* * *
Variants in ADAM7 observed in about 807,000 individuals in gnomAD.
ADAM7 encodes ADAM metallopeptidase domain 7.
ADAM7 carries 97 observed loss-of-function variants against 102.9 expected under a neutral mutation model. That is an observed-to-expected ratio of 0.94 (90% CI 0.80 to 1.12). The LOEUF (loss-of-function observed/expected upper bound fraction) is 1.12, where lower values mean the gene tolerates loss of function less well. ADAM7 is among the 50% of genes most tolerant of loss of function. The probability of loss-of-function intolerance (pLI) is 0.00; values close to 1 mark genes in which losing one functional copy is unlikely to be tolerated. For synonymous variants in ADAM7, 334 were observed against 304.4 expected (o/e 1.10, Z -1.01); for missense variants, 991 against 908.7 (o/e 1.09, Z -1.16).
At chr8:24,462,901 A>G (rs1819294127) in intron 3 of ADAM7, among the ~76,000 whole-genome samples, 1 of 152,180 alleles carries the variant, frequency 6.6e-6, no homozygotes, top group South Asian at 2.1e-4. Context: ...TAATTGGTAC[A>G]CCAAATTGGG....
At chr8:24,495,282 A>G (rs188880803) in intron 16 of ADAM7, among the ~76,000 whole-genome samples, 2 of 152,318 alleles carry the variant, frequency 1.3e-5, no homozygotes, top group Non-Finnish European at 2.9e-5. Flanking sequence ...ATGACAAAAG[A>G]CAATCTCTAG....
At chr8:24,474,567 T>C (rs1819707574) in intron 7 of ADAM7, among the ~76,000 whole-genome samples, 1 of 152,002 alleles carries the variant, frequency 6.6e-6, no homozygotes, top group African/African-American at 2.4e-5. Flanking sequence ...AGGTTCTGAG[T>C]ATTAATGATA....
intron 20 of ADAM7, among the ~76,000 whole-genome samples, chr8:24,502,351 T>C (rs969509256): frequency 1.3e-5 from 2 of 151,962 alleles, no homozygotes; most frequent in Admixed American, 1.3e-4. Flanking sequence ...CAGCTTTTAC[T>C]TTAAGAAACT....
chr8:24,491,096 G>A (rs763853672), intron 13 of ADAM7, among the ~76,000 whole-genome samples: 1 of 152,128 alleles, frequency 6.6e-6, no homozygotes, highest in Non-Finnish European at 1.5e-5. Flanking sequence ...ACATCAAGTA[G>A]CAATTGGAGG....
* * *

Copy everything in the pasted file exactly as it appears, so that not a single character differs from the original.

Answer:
Variants in ADAM7 observed in about 807,000 individuals in gnomAD.
ADAM7 encodes ADAM metallopeptidase domain 7.
ADAM7 carries 97 observed loss-of-function variants against 102.9 expected under a neutral mutation model. That is an observed-to-expected ratio of 0.94 (90% CI 0.80 to 1.12). The LOEUF (loss-of-function observed/expected upper bound fraction) is 1.12, where lower values mean the gene tolerates loss of function less well. ADAM7 is among the 50% of genes most tolerant of loss of function. The probability of loss-of-function intolerance (pLI) is 0.00; values close to 1 mark genes in which losing one functional copy is unlikely to be tolerated. For synonymous variants in ADAM7, 334 were observed against 304.4 expected (o/e 1.10, Z -1.01); for missense variants, 991 against 908.7 (o/e 1.09, Z -1.16).
At chr8:24,462,901 A>G (rs1819294127) in intron 3 of ADAM7, among the ~76,000 whole-genome samples, 1 of 152,180 alleles carries the variant, frequency 6.6e-6, no homozygotes, top group South Asian at 2.1e-4. Context: ...TAATTGGTAC[A>G]CCAAATTGGG....
At chr8:24,495,282 A>G (rs188880803) in intron 16 of ADAM7, among the ~76,000 whole-genome samples, 2 of 152,318 alleles carry the variant, frequency 1.3e-5, no homozygotes, top group Non-Finnish European at 2.9e-5. Flanking sequence ...ATGACAAAAG[A>G]CAATCTCTAG....
At chr8:24,474,567 T>C (rs1819707574) in intron 7 of ADAM7, among the ~76,000 whole-genome samples, 1 of 152,002 alleles carries the variant, frequency 6.6e-6, no homozygotes, top group African/African-American at 2.4e-5. Flanking sequence ...AGGTTCTGAG[T>C]ATTAATGATA....
intron 20 of ADAM7, among the ~76,000 whole-genome samples, chr8:24,502,351 T>C (rs969509256): frequency 1.3e-5 from 2 of 151,962 alleles, no homozygotes; most frequent in Admixed American, 1.3e-4. Flanking sequence ...CAGCTTTTAC[T>C]TTAAGAAACT....
chr8:24,491,096 G>A (rs763853672), intron 13 of ADAM7, among the ~76,000 whole-genome samples: 1 of 152,128 alleles, frequency 6.6e-6, no homozygotes, highest in Non-Finnish European at 1.5e-5. Flanking sequence ...ACATCAAGTA[G>A]CAATTGGAGG....